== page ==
Is Target Corporation (TGT)’s Lack of Diversification Actually A Positive?

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It is rare nowadays to find a large-cap company that does not operate on a global scale or is not looking to expand its business internationally. After exiting its failing operations in Canada, Target Corporation (NYSE:TGT) has become a pure play on the U.S. economy and retail sector, deriving 100% of its revenue from the U.S. That stands in sharp contrast to its largest competitor, Wal-Mart Stores, Inc. (NYSE:WMT), which now generates a little over 28% of its revenue from non-U.S. sources according to S&P Capital IQ. In years past, a company would have been chastised for not thinking globally, not diversifying its business, and not generating revenue from sources outside the U.S.

Target Corporation, is TGT a good stock to buy?

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Target makes a compelling case in this investment environment. Target is virtually immune to the strengthening dollar, which so many companies have cited for missed revenue and earnings estimates in 2015. In its most recent reporting quarter, Wal-Mart Stores, Inc. (NYSE:WMT) missed its revenue and EPS estimates due in part to these negative currency adjustments, which reduced its earnings by $0.03. In its 2015 fiscal year, which ended on January 31, 2015, foreign exchange reduced Wal-Mart’s revenue by $5.3 billion. The company expects currency to negatively affect its sales this year by a further $14 billion, an increase from a previous estimate of $10 billion. These reductions in earnings and revenue due to currency fluctuations are essentially non-existent at Target, as the company’s operations are contained entirely within the U.S.

As the Fed is expected to raise interest rates at least minimally in the coming months and as other central banks around the world partake in quantitative easing, an investment in Target acts as a long dollar play and eliminates to a great degree the adverse currency factors experienced by Wal-Mart Stores, Inc. (NYSE:WMT) and other U.S.-based companies with significant operations outside the U.S. Perhaps this is why many hedge funds took up new positions in Target during the first quarter. Two Sigma Advisors reported a new $69.8 million stake in Target, and was joined by Seminole Capital and Melvin Capital in opening positions in the company. Seminole reported a $47 million stake, making up a little over 2% of its portfolio, and Melvin reported a $39 million position, constituting 2.5% of its portfolio. Many other funds reported new positions in Target as well, though to a smaller degree than the aforementioned funds.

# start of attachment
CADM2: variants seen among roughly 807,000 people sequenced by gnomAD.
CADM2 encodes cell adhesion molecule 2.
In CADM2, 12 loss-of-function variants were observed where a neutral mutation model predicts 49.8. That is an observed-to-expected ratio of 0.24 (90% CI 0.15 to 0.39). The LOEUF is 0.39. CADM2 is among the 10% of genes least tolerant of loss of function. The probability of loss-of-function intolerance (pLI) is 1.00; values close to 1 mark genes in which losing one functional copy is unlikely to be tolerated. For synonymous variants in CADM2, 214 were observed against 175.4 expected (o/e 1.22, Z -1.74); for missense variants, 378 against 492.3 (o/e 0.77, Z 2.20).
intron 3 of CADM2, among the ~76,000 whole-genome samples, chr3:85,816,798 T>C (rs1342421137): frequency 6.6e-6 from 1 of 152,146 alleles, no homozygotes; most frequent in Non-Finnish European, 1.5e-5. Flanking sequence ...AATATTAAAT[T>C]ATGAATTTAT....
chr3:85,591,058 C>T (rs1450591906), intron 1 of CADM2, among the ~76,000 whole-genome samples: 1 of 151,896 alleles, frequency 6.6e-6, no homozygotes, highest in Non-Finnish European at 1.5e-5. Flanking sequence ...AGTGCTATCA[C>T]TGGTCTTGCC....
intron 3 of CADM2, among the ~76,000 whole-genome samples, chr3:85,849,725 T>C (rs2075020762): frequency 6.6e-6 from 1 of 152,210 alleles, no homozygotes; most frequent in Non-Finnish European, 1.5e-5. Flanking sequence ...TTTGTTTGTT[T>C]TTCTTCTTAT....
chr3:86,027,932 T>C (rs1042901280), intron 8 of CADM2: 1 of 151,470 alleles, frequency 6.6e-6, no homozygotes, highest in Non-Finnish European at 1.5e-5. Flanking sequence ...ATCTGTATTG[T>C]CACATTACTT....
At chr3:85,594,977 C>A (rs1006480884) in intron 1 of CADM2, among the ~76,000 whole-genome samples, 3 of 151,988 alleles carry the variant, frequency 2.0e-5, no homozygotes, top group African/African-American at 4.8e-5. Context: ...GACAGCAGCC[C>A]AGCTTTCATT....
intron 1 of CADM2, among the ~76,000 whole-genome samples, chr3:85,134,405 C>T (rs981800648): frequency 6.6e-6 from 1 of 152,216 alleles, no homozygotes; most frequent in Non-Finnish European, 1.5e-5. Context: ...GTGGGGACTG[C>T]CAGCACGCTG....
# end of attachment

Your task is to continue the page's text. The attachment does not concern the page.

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Citadel Investment Group, a $90 billion hedge fund led by Ken Griffin, built a substantial long position in the shares and options of Target Corporation (NYSE:TGT). The fund increased its positions in the shares of Target by 799% to $359 million and in call options underlying Target shares by 17% to $42.6 million. Citadel also decreased its position in put options underlying Target shares by 75% to $34.3 million, doubling down on its bullish positions. Citadel was joined by several other funds in upping their existing long positions in Target. Columbus Circle Investors has the second-largest position amongst hedge funds in our database, owning $234.3 million worth of Target shares, an increase of 78% from its previous filing. Adage Capital also increased its position by 32% to $79.4 million, while Levin Capital Strategies slightly decreased its position in Target’s shares by 2% to $70.7 million. Long-time special situations investor, Joel Greenblatt, of Gotham Asset Management was also long Target and increased his fund’s position by 22% to $58 million. Gotham was followed by Balyasny Asset Management, which also augmented its position in Target by 40% to $52 million. All told, 43 funds in our database held $1.43 billion worth of Target’s stock at the end of the first quarter, a significant spike from the 37 funds that held $939 million three months earlier.

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